–Why “overkill” from firing “extra” rounds is often unavoidable and should not be interpreted as evidence of malice


–How “inattentional blindness” and the “funnel of concentration” affect what an officer sees when threatened–and how to improve visual scope and scan


–How “scan patterns,” especially when dealing with multiple suspects, affect officer reactions and can lead to misinterpretations of a shooting by eye witnesses


–Why pursuit-driving training in the US may be putting officers and the public at unnecessary risk and encouraging lawsuits


–What officers and administrators need to know about “excited delirium” to face an uninformed media


–How to properly document “state of mind” shootings that can otherwise backfire against officers and agencies


–What officers, investigators and police attorneys need to know about how high stress affects memory–and how “cognitive interviewing” can improve recall


–How and when officer statements should be taken after a life threat to assure the most reliable record


–How firearms training needs to change to accommodate new discoveries about human performance–and what officers can do on their own in the absence of agency support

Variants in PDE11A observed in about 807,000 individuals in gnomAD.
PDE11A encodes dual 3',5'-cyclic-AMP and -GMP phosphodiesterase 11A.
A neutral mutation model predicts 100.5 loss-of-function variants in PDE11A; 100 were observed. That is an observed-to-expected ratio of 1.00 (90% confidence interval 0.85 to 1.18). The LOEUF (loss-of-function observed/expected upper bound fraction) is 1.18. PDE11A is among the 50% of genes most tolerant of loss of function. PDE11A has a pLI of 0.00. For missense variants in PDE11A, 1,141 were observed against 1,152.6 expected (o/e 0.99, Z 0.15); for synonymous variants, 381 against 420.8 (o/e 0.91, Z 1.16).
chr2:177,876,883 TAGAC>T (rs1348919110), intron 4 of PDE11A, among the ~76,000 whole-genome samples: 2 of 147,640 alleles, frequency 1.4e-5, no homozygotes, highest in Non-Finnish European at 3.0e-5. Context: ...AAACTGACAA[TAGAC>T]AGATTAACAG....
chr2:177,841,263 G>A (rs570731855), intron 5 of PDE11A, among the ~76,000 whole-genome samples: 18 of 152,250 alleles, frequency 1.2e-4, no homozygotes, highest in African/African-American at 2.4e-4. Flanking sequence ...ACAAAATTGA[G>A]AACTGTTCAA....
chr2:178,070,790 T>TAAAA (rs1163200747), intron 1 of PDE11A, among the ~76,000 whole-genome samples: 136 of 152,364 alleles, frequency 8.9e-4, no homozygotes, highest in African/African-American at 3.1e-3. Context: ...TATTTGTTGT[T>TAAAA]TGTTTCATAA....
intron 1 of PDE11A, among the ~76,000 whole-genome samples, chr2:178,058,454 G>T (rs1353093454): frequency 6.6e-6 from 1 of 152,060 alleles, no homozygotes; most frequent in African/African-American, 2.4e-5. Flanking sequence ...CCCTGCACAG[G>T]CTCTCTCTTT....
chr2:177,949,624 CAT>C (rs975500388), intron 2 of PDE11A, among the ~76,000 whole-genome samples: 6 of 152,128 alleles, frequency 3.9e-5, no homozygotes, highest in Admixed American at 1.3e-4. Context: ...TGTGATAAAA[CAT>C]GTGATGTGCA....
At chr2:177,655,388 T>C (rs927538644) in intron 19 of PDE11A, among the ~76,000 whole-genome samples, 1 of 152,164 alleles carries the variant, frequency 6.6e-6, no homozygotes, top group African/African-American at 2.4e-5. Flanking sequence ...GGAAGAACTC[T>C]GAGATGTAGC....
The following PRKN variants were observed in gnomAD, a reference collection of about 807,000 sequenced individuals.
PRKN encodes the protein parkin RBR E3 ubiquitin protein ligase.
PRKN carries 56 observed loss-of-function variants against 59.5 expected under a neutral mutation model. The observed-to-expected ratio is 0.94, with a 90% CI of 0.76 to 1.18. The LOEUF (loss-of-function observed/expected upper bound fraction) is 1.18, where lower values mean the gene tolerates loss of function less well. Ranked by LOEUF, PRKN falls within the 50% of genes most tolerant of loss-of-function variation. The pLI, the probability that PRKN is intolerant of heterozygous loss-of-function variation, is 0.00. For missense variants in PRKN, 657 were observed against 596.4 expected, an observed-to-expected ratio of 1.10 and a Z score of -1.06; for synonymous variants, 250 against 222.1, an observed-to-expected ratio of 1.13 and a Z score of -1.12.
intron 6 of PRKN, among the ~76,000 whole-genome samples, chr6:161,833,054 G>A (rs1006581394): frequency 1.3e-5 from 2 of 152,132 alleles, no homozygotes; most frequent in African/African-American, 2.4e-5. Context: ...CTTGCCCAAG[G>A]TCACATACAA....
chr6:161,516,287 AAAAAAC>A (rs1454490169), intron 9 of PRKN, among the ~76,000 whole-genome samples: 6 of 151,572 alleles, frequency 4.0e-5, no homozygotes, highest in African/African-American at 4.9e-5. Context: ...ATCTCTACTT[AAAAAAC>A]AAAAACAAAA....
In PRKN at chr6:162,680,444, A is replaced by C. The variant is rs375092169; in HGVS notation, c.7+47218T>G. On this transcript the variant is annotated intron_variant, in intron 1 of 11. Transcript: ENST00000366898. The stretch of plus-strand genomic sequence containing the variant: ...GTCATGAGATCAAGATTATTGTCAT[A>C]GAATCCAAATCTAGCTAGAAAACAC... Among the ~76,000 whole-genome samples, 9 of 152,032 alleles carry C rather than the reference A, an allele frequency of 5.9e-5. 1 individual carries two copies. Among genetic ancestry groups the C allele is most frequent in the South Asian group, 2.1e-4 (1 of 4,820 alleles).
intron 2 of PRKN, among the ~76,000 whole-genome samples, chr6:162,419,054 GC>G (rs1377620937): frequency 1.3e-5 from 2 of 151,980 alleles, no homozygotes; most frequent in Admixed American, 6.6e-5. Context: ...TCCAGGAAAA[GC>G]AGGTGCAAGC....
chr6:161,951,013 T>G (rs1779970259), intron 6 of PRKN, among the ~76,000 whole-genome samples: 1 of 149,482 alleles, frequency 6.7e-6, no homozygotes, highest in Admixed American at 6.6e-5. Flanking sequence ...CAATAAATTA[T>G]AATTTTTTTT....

–What new Force Science studies are currently underway that promise to change LE tactics and practices in the near future.


Lewinski, who has specialized in LE behavior and psychology for over 30 years, is recognized internationally as a foremost researcher and authority on use-of-force issues.


“The Force Science Seminar: Winning Extreme Encounters from Street to Court” will be held from 8:30 a.m. to 5:00 p.m. Sept 27 at the Intel Corp. Auditorium, 3600 Juliette Ln., Santa Clara, CA. Check-in will begin at 7:45 a.m. Admission is $195.


Mail-in registration MUST BE RECEIVED BY SEPT. 22, please send check payable to the Santa Clara Police Dept. to:


Sgt. Stacy MacFarlane, Training Mgr.

Santa Clara Police Dept.

601 El Camino Real

Santa Clara, CA 95050.


After Sept. 22, please plan to pay at the door by check or cash.


NOTE: Even if you intend to walk in and pay at the door, YOU NEED TO MAKE AN ADVANCE RESERVATION. For reservations and information, contact: Reba Warren at 408-615-4861 between 7:30 a.m.-4:00 p.m. Pacific time, Monday through Friday.


The location is convenient to the San Francisco and San Jose international airports. Attendees are expected from multiple states, providing excellent networking opportunities.


Nearby lodging with government rates available includes:


Holiday Inn Santa Clara

4200 Great America Pkwy

Santa Clara, CA 95054



Mariani’s Inn

2500 El Camino Real

Santa Clara, CA 95051



Plaza Suites

3100 Lakeside Drive

Santa Clara, CA 95054



Best Western Inn

2585 Seaboard Ave

San Jose, CA 95313



Please let your colleagues know about this cutting-edge presentation by the world’s leading researcher of law enforcement use-of-force dynamics.


Written by Force Science Institute

August 18th, 2006 at 5:19 pm

© 2017 Force Science Institute Ltd.